My first Medialoper assignment and I’ve already missed a deadline. Lopy, the Editor, e-mailed me last night to remind me that my story should be filed no later 5 a.m. this morning. By 8 a.m. my voice mail was full and I was ignoring Lopy’s frantic IMs. The general election isn’t until November 2008 — over 18 months away. Why the hell do I have a 5 a.m. deadline in April of 2007?
For the record, Linden Lab did a major upgrade yesterday and the grid was down much longer than expected. On top of that I’m still setting up my new compound in one of the most remote regions in all of Second Life. My hut is located on the Eastern edge of the universe (literally) and is surrounded by water as far as the eye can see (at least until a casino or strip club moves in next door). It’s the perfect environment for me to focus on covering a political campaign as strange as the one the 2008 presidential race is shaping up to be. These ludicrous 5 a.m. deadlines are no help at all.
By now you’ve probably heard that all of the leading Democratic presidential candidates have setup headquarters in Second Life. So far the media coverage of these campaigns has been muddled, skeptical, and occasionally mocking. For reporters who can’t tell the difference between a virtual world and a video game, there’s no clear reason for the campaigns to be here. Those same reporters are overlooking the fact that presidential campaigns are already a game, and moving that game into a virtual world full of sex-crazed furries and flying penises is simply a logical progression in the already weird history of American politics.
The part I don’t understand is how the political consultants are allowing any of this to happen. In an era where consultants seemingly control every minute aspect of a candidate’s message, and campaign events are carefully scripted, Second Life is like the wild west. Nothing about Second Life is predictable or controllable.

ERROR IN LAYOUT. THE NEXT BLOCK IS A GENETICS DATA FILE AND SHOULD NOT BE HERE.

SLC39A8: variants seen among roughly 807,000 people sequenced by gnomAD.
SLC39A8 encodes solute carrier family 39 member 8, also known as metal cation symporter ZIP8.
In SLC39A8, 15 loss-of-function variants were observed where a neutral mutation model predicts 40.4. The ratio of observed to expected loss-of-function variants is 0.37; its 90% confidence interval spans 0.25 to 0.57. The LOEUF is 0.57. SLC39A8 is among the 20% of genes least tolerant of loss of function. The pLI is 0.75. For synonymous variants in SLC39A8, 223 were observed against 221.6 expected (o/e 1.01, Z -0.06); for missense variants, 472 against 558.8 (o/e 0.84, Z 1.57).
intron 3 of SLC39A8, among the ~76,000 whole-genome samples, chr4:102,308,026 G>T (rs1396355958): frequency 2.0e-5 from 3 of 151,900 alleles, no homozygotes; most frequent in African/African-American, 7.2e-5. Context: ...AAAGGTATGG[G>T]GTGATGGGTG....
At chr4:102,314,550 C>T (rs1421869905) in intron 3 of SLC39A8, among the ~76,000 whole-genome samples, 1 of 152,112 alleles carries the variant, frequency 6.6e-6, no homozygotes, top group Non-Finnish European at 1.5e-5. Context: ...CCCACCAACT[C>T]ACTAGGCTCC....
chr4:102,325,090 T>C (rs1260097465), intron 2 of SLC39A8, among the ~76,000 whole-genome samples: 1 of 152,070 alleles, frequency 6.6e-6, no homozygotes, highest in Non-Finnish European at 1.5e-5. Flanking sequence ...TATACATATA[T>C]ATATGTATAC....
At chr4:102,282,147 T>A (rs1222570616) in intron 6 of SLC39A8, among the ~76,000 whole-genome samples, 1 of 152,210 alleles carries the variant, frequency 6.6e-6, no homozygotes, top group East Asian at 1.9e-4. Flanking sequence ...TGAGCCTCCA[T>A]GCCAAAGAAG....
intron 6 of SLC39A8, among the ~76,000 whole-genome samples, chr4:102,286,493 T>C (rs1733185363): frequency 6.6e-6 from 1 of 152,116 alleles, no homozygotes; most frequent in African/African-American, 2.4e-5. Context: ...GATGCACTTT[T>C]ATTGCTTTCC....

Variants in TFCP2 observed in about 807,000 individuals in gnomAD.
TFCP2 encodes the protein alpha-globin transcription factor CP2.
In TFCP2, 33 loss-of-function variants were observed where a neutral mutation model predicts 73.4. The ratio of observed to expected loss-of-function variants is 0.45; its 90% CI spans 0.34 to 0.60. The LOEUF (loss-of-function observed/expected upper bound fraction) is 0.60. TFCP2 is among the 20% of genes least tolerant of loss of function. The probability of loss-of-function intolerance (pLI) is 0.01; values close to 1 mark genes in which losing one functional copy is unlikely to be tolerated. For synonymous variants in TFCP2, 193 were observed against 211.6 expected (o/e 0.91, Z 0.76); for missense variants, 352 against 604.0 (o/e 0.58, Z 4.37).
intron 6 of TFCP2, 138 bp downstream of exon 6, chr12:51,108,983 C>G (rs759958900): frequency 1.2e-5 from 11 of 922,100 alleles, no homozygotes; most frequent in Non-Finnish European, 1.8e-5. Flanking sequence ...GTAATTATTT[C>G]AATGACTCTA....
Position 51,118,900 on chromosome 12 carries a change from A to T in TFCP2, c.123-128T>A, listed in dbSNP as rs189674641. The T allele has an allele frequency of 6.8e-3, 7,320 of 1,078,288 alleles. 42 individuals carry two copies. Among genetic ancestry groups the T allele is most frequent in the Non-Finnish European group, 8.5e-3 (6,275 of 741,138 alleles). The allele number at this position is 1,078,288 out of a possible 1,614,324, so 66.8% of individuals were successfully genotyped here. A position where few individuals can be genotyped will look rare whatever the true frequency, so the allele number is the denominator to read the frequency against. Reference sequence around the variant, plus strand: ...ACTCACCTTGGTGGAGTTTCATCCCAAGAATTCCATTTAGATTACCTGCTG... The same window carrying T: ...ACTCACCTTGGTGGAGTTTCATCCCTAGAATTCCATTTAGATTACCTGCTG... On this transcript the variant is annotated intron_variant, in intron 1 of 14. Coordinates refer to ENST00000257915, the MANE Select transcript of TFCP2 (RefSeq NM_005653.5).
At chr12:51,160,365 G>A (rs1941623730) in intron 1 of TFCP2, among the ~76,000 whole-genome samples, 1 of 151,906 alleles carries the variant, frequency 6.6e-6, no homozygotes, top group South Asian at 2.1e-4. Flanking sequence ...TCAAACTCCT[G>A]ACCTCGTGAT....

On one hand, these people must know the risks involved in bringing their campaigns to a wold ruled only by anarchy, on the other hand they don’t want to miss out on the next-big-thing.
New media has had a significant impact on the political process over the past five years. Blogs had a major impact on the 2004 presidential election, and will continue to be an important force for the foreseeable future.
It may be hard to remember now, but back in 2003 some people were actually skeptical about Howard Dean’s use of blogs and the internet to organize his campaign. These days Dean looks like a trailblazer and a visionary. Never mind the fact that he was soundly defeated. You only have to look at McCain Space and My.BarackObama.com to realize that Dean’s use of the internet forever changed the way American presidential campaigns will be run.
Then there’s YouTube. The video sharing site played an unexpectedly huge role in the 2006 mid-term elections. George Allen might be the Republican front-runner right now if it weren’t for YouTube. He’d almost certainly still be in the US Senate. YouTube is what they call a game changer.
While Blogs and YouTube will continue to wield an increasing influence on the political process, 2008 will mark the rise in importance of social networks in the political process. Again, this is an evolution of the work the Dean campaign pioneered. Sites like My.BarackObama.com are basically grass-roots organizing machines. For supporters they provide a way to feel connected with their peers around the country and an effective way to organize locally.
So where does Second Life fit into all of this? Above all else Second Life is a social network. All of the elements that make social networking so effective on the 2D web are present in abundance in Second Life. What Second Life adds to social networking is an immersive 3D environment and some amazing tools for real-time collaboration. It’s easy to see how a campaign could make effective use of Second Life.